This summer, when the Missouri men’s basketball team’s season was still months away, the Tigers’ most senior contributors discussed an idea. It seemed like a joke.
Kassius Robertson, a graduate transfer from low-major Canisius, came to Mizzou as an outside shooter, someone who could stretch the floor and hurt defenses that crashed in on top prospect Michael Porter Jr. when he drove to the basket. And yet Jordan Barnett told Robertson that maybe he could do something he had never done before, not even in middle school.
Robertson, Barnett thought, could be a point guard. Missouri has four true point guards on its roster — including freshman Blake Harris and longtime starter Terrence Phillips — but Barnett believed Robertson, with his unmatched outside shooting, brought a different dynamic to the offense.
“He’s crazy,” Robertson said.
But also …
“He’s psychic,” Robertson added Wednesday, after coach Cuonzo Martin said that when Mizzou plays Iowa State on Friday, he plans to start Robertson at point guard, a position he has never played before this season.
Robertson, 6 feet 3, played point guard a few minutes in Missouri’s exhibition against Kansas, and he played it more in the Tigers’ two closed scrimmages. He started at the position for the first time against Missouri State.
The move might signify a lack of confidence from Martin in the other point guards on the roster, and Missouri is looking to add a point guard in its next recruiting class. But Martin has been complimentary of Harris’ potential, and he seems to think there is a role for junior Jordan Geist, a tough guard who brings energy.
Martin didn’t expect to start Robertson at point guard, but he is a better ball handler and decision-maker than Martin anticipated.
“You could say that he’s leaning on a guy that came from a small conference, a small school, knows nothing about the SEC, but at the end of the day, a leader is a leader,” said Robertson, who is from Canada. “You’ve got to make sure guys are in the right spots. Like I said before, whether it’s the SEC or the MAAC (Metro Atlantic Athletic Conference), basketball is basketball.”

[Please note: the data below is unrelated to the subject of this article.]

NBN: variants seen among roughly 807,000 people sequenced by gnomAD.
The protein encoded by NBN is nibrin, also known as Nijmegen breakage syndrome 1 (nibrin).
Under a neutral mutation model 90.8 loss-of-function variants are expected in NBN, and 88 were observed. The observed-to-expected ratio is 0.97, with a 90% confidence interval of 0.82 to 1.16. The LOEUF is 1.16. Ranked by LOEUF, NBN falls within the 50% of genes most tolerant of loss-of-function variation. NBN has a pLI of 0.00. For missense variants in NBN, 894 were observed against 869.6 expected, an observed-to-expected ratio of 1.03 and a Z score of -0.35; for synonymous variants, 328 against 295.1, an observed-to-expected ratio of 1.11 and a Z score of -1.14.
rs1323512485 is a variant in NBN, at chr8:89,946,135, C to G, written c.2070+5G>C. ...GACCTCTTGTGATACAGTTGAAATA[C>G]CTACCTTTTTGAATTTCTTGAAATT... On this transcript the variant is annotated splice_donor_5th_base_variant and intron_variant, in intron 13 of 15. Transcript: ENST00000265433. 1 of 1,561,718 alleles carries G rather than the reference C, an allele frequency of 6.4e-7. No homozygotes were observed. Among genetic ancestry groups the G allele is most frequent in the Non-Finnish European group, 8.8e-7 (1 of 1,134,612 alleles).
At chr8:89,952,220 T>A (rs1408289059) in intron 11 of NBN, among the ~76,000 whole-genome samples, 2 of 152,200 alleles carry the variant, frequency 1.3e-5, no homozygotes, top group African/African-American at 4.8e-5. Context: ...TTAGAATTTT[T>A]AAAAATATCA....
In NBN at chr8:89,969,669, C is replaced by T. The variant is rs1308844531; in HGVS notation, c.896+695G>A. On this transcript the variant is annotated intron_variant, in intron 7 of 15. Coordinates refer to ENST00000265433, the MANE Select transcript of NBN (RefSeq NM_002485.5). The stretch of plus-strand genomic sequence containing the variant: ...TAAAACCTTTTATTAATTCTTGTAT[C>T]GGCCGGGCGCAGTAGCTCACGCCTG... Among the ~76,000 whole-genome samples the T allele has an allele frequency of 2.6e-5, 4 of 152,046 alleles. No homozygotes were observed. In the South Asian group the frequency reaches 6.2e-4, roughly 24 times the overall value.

Earlier this preseason, when it appeared either Phillips or Harris would start at point guard for the Tigers, Phillips said he was the better outside shooter of the two, which opened up the floor.
It’s true. Phillips, who made 35.6 percent of his three-point attempts last season, is a better outside shooter than Harris. But Robertson is a better outside shooter than both of them. At Canisius last season, with far less talent around him than he now has at Mizzou, Robertson attempted seven threes per game and made 41 percent.
Robertson said when he plays point guard for the Tigers, Porter Jr. will screen for him while he has the ball. That presents a quandary for a defense. If a team is slow to switch defenders on the duo out of the pick, one of the two strong shooters could be open. And if a team pays too much attention to Robertson after receiving a pick, it could neglect Porter Jr. cutting toward the basket or spotting up for his own three-point attempt.
Martin had said his biggest concern with Robertson playing point guard was ensuring he did not become a less aggressive scorer. Barnett seemed less worried.
“If you ever go under him on a screen, it’s going up,” Barnett said of Robertson. “It’s likely going in.”
Though he thinks his defense is what won the job, Robertson is still adjusting to guarding his opponent the length of the court, which Martin asks from his point guards.
Martin, who said he always leans on older players, also will ask Robertson and Barnett to lead a young team — even if Barnett, who transferred from Texas, has only played one semester for Missouri and Robertson has never played in a Mizzou game that counted.
“They’re battle-tested,” Martin said. “But they’re still trying to get to know me and what we expect because it’s new for everybody. I think the things they control is their effort and how they play. So you show a young guy, an incoming freshman, this is what it looks like when they play hard.”
Robertson tells Missouri’s younger players not to take what they have for granted. He thinks he appreciates his time in Columbia more because of the time spent at Canisius, where he said he was lucky to play in front of a 1,000 people, and this season he will sometimes play in front of more than 15,000.
He transferred to Missouri to get more exposure and join a loaded roster. Now Martin has tasked him with guiding those players on offense.